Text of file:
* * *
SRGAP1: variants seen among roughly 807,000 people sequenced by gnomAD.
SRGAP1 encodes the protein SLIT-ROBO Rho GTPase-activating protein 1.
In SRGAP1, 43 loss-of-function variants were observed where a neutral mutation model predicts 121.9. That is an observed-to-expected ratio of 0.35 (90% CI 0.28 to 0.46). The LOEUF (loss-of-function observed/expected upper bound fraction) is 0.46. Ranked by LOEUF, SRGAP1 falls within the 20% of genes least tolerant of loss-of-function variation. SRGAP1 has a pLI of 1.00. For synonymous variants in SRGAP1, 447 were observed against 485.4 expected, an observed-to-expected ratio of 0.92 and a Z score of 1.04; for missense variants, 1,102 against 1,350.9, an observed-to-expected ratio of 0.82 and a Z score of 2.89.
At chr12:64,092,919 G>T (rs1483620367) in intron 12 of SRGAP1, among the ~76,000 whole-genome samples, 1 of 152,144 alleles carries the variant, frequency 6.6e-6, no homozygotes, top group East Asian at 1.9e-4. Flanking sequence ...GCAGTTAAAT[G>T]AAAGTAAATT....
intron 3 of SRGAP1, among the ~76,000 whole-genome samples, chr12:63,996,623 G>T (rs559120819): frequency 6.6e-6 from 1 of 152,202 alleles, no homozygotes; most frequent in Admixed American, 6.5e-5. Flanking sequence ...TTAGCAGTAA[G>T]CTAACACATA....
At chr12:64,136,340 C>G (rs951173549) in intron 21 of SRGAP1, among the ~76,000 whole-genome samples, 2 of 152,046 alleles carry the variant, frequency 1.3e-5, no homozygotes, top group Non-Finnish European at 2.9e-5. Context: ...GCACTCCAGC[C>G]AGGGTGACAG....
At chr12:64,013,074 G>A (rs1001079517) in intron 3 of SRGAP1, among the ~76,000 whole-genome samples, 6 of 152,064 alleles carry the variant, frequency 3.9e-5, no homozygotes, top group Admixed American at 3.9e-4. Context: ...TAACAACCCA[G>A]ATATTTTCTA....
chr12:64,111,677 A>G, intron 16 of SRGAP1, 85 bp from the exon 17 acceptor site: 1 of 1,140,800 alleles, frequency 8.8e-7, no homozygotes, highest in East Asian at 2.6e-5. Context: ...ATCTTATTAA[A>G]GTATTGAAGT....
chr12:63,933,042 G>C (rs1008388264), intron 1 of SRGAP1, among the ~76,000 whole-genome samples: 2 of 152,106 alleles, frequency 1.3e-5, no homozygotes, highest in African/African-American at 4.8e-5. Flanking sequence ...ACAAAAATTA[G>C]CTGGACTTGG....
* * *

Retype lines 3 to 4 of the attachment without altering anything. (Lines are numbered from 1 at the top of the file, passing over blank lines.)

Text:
In SRGAP1, 43 loss-of-function variants were observed where a neutral mutation model predicts 121.9. That is an observed-to-expected ratio of 0.35 (90% CI 0.28 to 0.46). The LOEUF (loss-of-function observed/expected upper bound fraction) is 0.46. Ranked by LOEUF, SRGAP1 falls within the 20% of genes least tolerant of loss-of-function variation. SRGAP1 has a pLI of 1.00. For synonymous variants in SRGAP1, 447 were observed against 485.4 expected, an observed-to-expected ratio of 0.92 and a Z score of 1.04; for missense variants, 1,102 against 1,350.9, an observed-to-expected ratio of 0.82 and a Z score of 2.89.
At chr12:64,092,919 G>T (rs1483620367) in intron 12 of SRGAP1, among the ~76,000 whole-genome samples, 1 of 152,144 alleles carries the variant, frequency 6.6e-6, no homozygotes, top group East Asian at 1.9e-4. Flanking sequence ...GCAGTTAAAT[G>T]AAAGTAAATT....